Yuen Woo-ping helms Drunken Master, one of Jackie Chan’s finest motion pictures. This 1978 film is directed by Yuen Woo-ping, who wrote the screenplay along with Lung Hsiao and Ng See-yuen. Chang Hui is the cinematographer and he keeps things simple, shooting scenes without many tricks. Cuts are kept to a minimum.
At the core of Drunken Master is the folk hero Wong Fei-hung, an expert in the Hung Ga style of martial arts. The style, which originated in 17th century China, relates to a number of stances and formations. The Zui Quan style is also featured in Woo-ping’s movie, with the drunken Eight Immortals of Daoist tradition forming the basis of the protagonist’s training.
Chan stars as Wong Fei-hung or Freddie Wong, a ne’er-do-well who can’t stop getting in trouble. Wong Kei-ying or Robert Wong (Lam Kau) is Wong Fei-hung’s father and he’s peeved at the antics of his son. He wants to kill him but is dissuaded by the boy’s aunt (Linda Lin), who recommends that he dedicate himself to his martial arts training.
Freddie is sent to train with Beggar So (Yuen Sien-tien), a master of the drunken martial arts. His training is difficult and Freddie struggles, often trying to take shortcuts to get around the old man’s demands. But when the nefarious Thunderleg (Hwang Jang Lee) enters the fray, the young punk decides to take things more seriously.
From the outset, Drunken Master establishes itself as an innovative and comedic martial arts picture. Chan’s character is brash and gifted, as he picks on the instructor at a martial arts school and goes on to get his ass kicked for hitting on a pretty girl. He also beats the snot out of a sword-wielding jerk in the marketplace, so the protagonist is not all bad.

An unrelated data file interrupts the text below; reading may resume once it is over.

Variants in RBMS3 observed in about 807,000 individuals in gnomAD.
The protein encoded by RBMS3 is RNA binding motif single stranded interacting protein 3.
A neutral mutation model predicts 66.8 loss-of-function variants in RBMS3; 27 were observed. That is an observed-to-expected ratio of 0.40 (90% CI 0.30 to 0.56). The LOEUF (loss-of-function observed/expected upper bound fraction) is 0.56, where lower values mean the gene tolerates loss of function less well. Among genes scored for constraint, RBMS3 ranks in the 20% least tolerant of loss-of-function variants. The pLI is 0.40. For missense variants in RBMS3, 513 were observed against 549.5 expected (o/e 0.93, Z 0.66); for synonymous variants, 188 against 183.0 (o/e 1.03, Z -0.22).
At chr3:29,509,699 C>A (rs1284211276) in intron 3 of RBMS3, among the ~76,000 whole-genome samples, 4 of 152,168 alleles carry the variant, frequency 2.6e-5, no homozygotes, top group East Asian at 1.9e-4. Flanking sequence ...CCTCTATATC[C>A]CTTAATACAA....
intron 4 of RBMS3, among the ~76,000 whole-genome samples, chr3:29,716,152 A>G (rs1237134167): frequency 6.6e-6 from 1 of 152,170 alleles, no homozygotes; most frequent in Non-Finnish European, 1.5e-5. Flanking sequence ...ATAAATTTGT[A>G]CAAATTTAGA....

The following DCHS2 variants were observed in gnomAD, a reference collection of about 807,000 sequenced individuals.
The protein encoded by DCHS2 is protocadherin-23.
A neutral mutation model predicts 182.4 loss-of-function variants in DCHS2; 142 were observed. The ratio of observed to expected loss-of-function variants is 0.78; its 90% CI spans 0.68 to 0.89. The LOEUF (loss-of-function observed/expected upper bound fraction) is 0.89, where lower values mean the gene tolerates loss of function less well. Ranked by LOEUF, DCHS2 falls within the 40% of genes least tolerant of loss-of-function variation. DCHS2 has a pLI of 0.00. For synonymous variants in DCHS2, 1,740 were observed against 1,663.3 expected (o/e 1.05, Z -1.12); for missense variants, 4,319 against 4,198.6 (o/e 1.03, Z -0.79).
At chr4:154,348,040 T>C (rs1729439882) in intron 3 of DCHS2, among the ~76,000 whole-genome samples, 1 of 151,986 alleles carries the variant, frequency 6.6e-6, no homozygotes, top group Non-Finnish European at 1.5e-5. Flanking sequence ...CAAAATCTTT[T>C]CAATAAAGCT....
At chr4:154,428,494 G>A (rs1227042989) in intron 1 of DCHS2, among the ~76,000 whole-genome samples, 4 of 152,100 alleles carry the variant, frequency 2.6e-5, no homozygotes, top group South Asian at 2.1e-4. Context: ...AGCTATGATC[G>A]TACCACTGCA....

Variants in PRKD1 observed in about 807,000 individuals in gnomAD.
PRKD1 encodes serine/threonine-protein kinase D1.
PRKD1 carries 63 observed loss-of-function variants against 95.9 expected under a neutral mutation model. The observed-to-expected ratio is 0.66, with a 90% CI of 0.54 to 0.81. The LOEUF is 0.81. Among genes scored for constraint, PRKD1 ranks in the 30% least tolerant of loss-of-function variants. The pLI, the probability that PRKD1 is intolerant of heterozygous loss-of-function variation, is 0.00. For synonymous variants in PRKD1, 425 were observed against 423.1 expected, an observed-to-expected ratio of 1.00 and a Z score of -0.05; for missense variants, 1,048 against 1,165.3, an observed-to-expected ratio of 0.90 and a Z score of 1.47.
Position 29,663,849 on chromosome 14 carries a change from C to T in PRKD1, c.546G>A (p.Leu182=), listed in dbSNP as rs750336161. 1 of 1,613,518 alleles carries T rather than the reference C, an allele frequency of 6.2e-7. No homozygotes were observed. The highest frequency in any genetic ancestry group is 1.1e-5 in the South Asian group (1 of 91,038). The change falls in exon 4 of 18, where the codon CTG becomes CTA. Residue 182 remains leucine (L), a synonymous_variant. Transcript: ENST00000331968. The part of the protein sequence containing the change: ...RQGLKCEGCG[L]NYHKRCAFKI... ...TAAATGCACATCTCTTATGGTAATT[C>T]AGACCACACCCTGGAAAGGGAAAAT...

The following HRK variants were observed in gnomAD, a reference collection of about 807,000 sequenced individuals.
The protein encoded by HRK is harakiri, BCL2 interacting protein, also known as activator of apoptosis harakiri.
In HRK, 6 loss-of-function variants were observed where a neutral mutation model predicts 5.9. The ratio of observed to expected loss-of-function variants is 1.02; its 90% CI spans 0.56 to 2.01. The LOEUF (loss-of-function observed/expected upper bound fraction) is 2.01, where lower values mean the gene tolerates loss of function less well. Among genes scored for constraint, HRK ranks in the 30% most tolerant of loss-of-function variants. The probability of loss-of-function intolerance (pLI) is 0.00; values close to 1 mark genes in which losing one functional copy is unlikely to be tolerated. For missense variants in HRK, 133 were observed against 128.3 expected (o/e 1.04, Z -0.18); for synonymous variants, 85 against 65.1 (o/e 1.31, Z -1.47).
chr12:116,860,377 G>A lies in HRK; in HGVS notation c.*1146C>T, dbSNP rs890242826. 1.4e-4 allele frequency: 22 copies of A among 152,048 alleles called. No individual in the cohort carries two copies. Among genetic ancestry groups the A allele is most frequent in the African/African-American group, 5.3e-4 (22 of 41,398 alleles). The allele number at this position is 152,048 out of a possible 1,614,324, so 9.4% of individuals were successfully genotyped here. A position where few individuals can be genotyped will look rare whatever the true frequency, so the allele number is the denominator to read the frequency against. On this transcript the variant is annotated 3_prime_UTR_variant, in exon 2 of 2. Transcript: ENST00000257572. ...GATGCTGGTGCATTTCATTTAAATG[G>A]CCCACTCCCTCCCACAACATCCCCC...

But his insolence is upsetting to his father, who can’t stand the damage done to the Wong name. Things go from bad to worse when the hooligan takes in a restaurant and tries to score a free meal out of the man who turns out to be the establishment’s owner. It’s up to Beggar So to set him straight.
Woo-ping’s Drunken Master is lined with humour and vivid caricature, like when the waiter at the aforementioned restaurant talks through an enormous set of teeth. And Chan’s ego, which elevates him in the marketplace fight and undermines him in his first duel with Thunderleg, serves him as much as it lets him down.
Chan’s portrayal treats the popular Chinese figure with a sure degree of disrespect. The iconic folk hero becomes an irritable adolescent, a change in perspective that comes with certain cultural risks. Luckily, Chan plays the transformation from goof to hero with credible composure. He’s a rude tool, but he’s so devoted and just plain good at what he does that it’s hard not to root Freddie Wong on.
Of course, the martials arts action is the thing and Drunken Master is an astounding extravaganza. Chan’s litheness is something to behold, as he fights from behind in most of his encounters. This is especially true when he takes on Hwang Jang Lee, the Japanese-born martial artist. Hwang’s spin-kicks are the stuff of legend and his attack is on full display against Chan.
The fights are complex and Chan takes a thrashing at the hands of Hwang and as the result of Beggar So’s ruthless training regimen. And everything flows in a logical way, with Chan’s Wong getting better as he goes through the paces and actually using the skills he acquires.
Drunken Master is an essential martial arts picture. Woo-ping keeps things sharp and light. The action is inventive and Chan’s performance is stellar, especially when he gives way to other talents like Hwang Jang Lee and the magnificent Yuen Sien-tien. And the plot, about the conversion of a punk-ass jerk into a martial arts master, has that special sort of boozy universal appeal.